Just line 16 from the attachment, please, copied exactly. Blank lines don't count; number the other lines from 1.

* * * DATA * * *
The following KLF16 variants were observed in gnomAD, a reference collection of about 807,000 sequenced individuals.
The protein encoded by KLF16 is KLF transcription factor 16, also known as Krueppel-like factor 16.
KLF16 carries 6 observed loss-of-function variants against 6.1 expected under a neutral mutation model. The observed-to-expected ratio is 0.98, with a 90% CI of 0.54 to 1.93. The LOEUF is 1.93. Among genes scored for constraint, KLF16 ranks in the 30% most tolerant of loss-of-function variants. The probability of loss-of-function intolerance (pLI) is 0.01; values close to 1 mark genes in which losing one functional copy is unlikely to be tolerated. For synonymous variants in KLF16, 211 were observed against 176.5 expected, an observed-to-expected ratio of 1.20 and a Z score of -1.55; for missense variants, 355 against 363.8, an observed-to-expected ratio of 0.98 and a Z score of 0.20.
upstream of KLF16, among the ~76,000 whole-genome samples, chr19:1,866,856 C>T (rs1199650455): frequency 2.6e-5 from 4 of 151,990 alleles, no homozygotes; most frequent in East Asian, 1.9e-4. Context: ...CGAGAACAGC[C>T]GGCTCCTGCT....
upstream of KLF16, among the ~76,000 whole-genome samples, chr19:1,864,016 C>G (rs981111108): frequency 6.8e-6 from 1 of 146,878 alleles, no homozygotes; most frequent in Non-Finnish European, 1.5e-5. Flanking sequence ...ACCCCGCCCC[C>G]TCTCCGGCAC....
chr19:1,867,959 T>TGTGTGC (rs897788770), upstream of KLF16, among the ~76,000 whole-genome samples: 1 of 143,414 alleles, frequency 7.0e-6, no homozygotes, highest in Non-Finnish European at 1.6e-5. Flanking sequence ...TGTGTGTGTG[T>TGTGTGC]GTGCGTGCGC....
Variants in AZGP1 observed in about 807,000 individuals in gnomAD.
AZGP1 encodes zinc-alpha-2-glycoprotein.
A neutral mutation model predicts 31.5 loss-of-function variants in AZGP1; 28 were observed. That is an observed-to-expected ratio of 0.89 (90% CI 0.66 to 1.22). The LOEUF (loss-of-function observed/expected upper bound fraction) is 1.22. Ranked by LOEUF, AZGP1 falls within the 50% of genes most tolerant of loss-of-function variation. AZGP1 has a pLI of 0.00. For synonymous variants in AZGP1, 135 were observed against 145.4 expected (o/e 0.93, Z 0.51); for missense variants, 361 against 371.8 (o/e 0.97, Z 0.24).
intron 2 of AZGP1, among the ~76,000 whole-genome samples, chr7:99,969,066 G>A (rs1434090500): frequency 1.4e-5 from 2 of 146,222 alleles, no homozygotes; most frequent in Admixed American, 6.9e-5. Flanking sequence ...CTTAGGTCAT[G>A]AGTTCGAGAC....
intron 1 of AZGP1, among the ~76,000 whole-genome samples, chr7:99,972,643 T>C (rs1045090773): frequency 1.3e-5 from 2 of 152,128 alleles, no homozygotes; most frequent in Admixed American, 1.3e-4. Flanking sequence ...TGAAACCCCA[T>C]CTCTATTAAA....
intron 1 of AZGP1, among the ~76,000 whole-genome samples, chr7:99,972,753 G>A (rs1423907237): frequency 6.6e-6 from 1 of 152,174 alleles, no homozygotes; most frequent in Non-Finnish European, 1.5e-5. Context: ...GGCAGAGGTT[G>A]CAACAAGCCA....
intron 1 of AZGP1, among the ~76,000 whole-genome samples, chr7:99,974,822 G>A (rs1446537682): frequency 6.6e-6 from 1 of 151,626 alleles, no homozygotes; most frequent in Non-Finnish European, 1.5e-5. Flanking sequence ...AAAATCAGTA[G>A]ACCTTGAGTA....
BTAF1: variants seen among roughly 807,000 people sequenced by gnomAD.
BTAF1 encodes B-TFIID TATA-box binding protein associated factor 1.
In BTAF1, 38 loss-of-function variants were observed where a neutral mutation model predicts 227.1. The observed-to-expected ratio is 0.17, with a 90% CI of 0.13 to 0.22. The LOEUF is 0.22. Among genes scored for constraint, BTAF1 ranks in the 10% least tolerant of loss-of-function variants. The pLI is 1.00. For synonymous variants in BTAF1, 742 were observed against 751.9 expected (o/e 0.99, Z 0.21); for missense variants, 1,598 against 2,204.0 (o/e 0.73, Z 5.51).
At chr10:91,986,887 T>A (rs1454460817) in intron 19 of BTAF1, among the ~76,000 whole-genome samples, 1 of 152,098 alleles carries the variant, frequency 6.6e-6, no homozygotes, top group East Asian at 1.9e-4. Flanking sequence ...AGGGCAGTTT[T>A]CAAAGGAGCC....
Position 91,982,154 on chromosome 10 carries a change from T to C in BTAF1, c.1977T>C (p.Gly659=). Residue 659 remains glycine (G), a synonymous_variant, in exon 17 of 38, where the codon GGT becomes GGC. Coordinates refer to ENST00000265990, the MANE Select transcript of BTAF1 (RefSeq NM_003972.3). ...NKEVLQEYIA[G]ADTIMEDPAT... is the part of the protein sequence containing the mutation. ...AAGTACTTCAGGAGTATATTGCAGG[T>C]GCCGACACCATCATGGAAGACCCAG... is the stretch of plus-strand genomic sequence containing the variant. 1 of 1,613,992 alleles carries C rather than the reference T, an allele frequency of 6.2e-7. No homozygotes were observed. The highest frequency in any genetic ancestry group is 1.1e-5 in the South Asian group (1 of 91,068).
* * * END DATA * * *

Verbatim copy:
In BTAF1, 38 loss-of-function variants were observed where a neutral mutation model predicts 227.1. The observed-to-expected ratio is 0.17, with a 90% CI of 0.13 to 0.22. The LOEUF is 0.22. Among genes scored for constraint, BTAF1 ranks in the 10% least tolerant of loss-of-function variants. The pLI is 1.00. For synonymous variants in BTAF1, 742 were observed against 751.9 expected (o/e 0.99, Z 0.21); for missense variants, 1,598 against 2,204.0 (o/e 0.73, Z 5.51).